At my project GitHub page you can check out the two examples. Hopefully it can help you out if you want to freeze one of your Python applications using one of these tools. I've tested it on a Windows 8.1 machine, but I'm quite sure that it will also work on other platforms.

Because I want to focus more on web development I'll not continue actively with experimenting with freezing tools. So this project is finished for now. However I'll watch the freezing projects because there are quite some interesting things going on like the updater package for Pyinstaller and I think projects like these can become a very nice foundation for upcoming (desktop) apps written in Python.

Wednesday, 19 November 2014

Automate your development laptop - Reinout van Rees @ Brainport Python Meetup #2

Last Tuesday there was a second Python meeting of The Brainport Python meetup group in Eindhoven.
The first meeting was two months ago and was received very well. Many of the people who visited the fist meeting did also attend the second one. It was really nice to see them again and to meet people who were new to the meeting group.

For the second meeting we introduced presentations as part of the program.
First Reinout van Rees did an excellent presentation about Development laptop automation. After eating some pizza I told about my journey and view on Desktop application development with use of Python. The slides can be found here.


Reinout did already summarize my talk. However nobody did summarize his one yet. So let me give some extra explanation about his slides. I think he did an excellent presentation about how you can optimize and automate your Development machine and it's really worth to take this topic serious. It already saved me some minutes of useless fiddling around while setting up my new development PC.

Reinout started with a very nice statement: "The shoemaker's children go barefoot". This saying is also applicable to many developers. We use version control, provisioning tools and we set up automated tasks for our products and clients, but most of us do not develop for themselves with the same care. We write scripts, but we lose them. We install software on our PC's and setup our IDE's. However we don't store the configurations. So when disaster strikes and you have to replace your machine it takes hours, days or weeks to fully recover.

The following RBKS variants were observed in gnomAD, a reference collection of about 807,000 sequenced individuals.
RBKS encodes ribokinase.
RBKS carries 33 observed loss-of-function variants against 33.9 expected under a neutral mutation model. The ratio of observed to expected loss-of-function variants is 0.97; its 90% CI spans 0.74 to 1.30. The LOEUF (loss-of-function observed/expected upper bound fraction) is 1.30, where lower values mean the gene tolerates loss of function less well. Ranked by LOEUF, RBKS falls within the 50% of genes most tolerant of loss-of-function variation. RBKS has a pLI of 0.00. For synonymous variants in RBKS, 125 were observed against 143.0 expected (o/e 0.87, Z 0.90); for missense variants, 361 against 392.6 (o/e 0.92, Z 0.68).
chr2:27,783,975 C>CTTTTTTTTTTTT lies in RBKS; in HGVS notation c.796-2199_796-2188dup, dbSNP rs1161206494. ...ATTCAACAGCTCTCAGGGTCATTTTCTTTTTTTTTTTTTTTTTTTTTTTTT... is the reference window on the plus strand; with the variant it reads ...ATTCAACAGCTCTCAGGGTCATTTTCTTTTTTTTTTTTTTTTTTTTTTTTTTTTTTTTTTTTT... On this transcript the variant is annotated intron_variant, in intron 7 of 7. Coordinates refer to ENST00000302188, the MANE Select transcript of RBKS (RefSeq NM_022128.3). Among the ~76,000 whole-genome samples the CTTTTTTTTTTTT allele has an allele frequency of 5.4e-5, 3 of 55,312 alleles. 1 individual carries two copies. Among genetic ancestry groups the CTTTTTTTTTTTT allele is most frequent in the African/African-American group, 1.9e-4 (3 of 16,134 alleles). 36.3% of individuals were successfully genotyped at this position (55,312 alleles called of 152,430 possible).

The call to action is easy: "Automate your development laptop with the same care as your regular projects". You have to change your mindset a little for this: Be explicit and do something regularly.

Being explicit means that you create a safe central place where you can store your scripts, small programs and configurations. A good place for this is an on-line GIT repository.
Being explicit also means that you make an good overview of what's in your toolbox. You can do this by maintaining a README file in the repository.

The second mindset that you need is to do something regularly. So if you change something: Adjust your README file! It's also good to check which apps you have installed and to check regularly if every app is up to date. I now have for example a nice list of tools which I use very often and which I can install by just running a single command: Make install-essentials. This list of essentials will grow and shrink at some moments over time and by improving it regularly it ensures me that I'll install the right software when I need to install my essentials.

Reinout also advised to get out and start talking to other people about their setup. You can join them while programming and ask them how they organize their environment in order to find out how you can improve your own situation and increase your productivity. At last it's important to automate, improve or fix something regularly (e.g. every week) to ensure everything stays up to date.

A great tip of Reinout is to be not too perfectionistic. Reinout explained this in a very nice way. He showed us the roof of the train station of Eindhoven and some parts of the movie "A bridge too far". In that movie you see a temporary Bailey bridge being constructed. Similar bridge parts are now used as the roof in the Eindhoven station. Re-used second-hand parts, but it works fine. So you don't need to be too perfectionistic.

At last Reinout showed us some examples like zest.releaser which can automate the process of releasing zest components. Checkoutmanager is also useful since it allows you to manage multiple git repositories and it reminds you to push your changes or when to commit stuff. Various skeleton projects of Reinout help his colleagues out when they have to bootstrap a project. Beside this Reinout pointed out the trick to symlink .dotfile locations to your central toolbox so you're always using the right configurations.

I want to thank Reinout for his wonderful presentation and all the visitors of the meeting for coming to the meeting. It was nice to see everybody and to share ideas and experiences. I also want to thank BounceSpace and SendCloud for the location, the food and the drinks. I think the second meeting set a good example for the upcoming meetings and I hope that we can improve the meetings over time as well as the overall Python community in the area.